From one of our Patreon Supporters. Did Google manipulate search for Hillary? https://www.facebook.com/SourceFedNews/videos/1199514293432055/

Potpourri: Guests/Rants/Etc:

  1. Confirmation Bias (http://rationalwiki.org/wiki/List_of_cognitive_biases)
       the tendency to interpret new evidence as confirmation of one's existing beliefs or theories.

  2. Herd mentality, or mob mentality, describes how people are influenced by their peers to adopt certain behaviors, follow trends, and/or purchase items. Examples of the herd mentality include stock market trends, superstition and home décor.

  3. Bandwagon effect — the tendency to do (or believe) things because many other people do (or believe) the same. Related to groupthink, crowd psychology, herd behaviour, and manias.

  4. Illusion of control — the tendency for human beings to believe they can control or at least influence outcomes that they clearly cannot.

  5. Reactance — the urge to do the opposite of what someone wants you to do out of a need to resist a perceived attempt to constrain your freedom of choice.

  6. A conspiracy is a secret plan to achieve some goal. Its members are known as conspirators. A conspiracy theory originally meant the theory pre-formed conclusion that an event or phenomenon was the result of conspiracy; however, from the mid-1960s onward, it is often used to denote ridiculous, misconceived, paranoid, unfounded, outlandish or irrational theories. One of the worst things about conspiracy theories is the fact they are almost airtight. Every debunking or piece of evidence against it will be viewed as an attempt to "misinform the public", and the lack of evidence for it is viewed as a government cover-up. Not everyone involved in a conspiracy necessarily knows all the details; in fact, sometimes none do.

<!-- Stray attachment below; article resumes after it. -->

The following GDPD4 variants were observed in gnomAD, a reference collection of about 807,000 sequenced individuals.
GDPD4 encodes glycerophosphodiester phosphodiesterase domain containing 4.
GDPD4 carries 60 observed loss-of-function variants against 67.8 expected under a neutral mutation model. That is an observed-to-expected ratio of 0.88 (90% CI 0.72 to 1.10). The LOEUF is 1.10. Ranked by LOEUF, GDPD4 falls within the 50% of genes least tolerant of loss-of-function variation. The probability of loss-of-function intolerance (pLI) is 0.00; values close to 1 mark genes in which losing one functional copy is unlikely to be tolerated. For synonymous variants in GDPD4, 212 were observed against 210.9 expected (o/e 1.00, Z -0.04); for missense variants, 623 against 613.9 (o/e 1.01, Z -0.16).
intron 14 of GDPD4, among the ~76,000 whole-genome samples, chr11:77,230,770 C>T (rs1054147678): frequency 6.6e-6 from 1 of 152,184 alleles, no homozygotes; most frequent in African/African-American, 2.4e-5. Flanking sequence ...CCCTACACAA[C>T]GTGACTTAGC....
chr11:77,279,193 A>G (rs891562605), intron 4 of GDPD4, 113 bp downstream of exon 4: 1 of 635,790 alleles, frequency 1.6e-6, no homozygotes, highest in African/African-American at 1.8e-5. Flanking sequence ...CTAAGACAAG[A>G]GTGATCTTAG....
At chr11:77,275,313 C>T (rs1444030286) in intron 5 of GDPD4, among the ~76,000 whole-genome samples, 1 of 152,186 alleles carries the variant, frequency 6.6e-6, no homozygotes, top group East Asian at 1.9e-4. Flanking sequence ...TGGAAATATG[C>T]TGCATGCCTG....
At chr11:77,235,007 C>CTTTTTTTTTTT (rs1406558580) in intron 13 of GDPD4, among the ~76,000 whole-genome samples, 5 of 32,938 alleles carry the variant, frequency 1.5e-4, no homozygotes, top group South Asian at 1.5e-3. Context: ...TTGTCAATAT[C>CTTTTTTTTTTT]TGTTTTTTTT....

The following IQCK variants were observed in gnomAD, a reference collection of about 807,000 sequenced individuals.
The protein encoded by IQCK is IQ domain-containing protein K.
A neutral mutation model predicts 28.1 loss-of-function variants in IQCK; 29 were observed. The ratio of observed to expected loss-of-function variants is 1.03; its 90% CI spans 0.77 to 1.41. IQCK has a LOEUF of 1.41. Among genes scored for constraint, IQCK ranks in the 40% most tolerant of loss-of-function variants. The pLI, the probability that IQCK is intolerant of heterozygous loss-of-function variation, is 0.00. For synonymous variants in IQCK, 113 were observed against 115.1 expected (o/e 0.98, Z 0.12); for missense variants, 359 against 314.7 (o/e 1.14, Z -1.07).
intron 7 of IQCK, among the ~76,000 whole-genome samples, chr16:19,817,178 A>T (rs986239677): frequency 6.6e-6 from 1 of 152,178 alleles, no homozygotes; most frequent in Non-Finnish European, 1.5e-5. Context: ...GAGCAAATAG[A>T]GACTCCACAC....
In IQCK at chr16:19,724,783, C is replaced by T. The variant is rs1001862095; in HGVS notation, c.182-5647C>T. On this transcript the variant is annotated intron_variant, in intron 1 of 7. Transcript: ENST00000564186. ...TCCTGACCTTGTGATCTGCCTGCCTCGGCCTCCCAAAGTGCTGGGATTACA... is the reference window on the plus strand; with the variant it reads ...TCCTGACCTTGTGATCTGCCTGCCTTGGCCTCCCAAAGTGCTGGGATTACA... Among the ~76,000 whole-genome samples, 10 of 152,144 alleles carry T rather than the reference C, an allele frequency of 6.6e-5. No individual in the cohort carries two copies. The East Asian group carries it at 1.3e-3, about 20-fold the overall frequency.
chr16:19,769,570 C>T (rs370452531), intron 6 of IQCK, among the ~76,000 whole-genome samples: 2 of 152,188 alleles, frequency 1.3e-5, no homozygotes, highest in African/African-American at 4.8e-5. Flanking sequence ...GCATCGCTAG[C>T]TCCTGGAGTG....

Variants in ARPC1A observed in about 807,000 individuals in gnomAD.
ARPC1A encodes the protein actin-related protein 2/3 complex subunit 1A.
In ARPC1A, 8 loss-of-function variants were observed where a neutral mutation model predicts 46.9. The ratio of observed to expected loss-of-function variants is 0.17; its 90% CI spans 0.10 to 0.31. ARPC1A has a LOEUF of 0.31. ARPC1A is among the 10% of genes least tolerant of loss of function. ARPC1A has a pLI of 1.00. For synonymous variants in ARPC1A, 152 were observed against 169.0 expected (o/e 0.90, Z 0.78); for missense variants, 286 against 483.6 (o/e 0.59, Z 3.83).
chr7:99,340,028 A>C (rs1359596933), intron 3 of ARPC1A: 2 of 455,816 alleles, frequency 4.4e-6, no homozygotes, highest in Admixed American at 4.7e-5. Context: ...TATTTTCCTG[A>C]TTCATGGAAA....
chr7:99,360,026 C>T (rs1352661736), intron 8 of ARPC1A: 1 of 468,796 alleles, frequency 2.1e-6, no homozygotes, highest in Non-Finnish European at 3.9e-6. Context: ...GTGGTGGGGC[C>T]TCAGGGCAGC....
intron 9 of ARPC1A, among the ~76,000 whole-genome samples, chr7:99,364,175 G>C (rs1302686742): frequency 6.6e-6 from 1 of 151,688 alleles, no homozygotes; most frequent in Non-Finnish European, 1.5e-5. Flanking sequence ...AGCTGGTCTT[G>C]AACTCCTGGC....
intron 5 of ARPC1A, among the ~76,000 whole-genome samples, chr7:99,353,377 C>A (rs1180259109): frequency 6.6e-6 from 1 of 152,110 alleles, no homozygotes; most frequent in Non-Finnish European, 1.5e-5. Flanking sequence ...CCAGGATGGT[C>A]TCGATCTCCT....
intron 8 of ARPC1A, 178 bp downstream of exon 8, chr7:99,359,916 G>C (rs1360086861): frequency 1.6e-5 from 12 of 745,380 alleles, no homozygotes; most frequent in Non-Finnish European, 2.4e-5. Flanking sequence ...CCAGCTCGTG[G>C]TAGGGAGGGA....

This Week in History: 

  1. Canned from Fred

Logical Fallacy


Complex Question Fallacy
The complex question fallacy is committed when a question is asked (a) that rests on a questionable assumption, and (b) to which all answers appear to endorse that assumption.
“Have you stopped beating your wife?”
This is a complex question because it presupposes that you used to beat your wife, a presupposition that either answer to the question appears to endorse.
“Are you going to admit that you’re wrong?”
Answering yes to this question is an admission of guilt. Answering no to the question implies that the accused accepts that he is in the wrong, but will not admit it. No room is left to protest one’s innocence. This is therefore a complex question, and a subtle false dilemma.

Science Bitches!  

  1. http://www.salon.com/2016/06/07/virtually_everything_america_calls_a_breakfast_staple_is_a_corporate_myth_partner/

  2. http://www.popularmechanics.com/science/animals/a21268/scientists-turn-bacteria-into-living-hard-drives/

  3. http://www.sciencealert.com/scientists-confirm-a-second-layer-of-information-hiding-in-dna

  4. http://www.nbcnews.com/storyline/zika-virus-outbreak/zika-virus-might-also-spread-oral-sex-french-researchers-n585221

  5. http://www.nbcnews.com/health/cancer/new-immune-therapy-drug-gives-bladder-cancer-patients-fresh-hope-n585606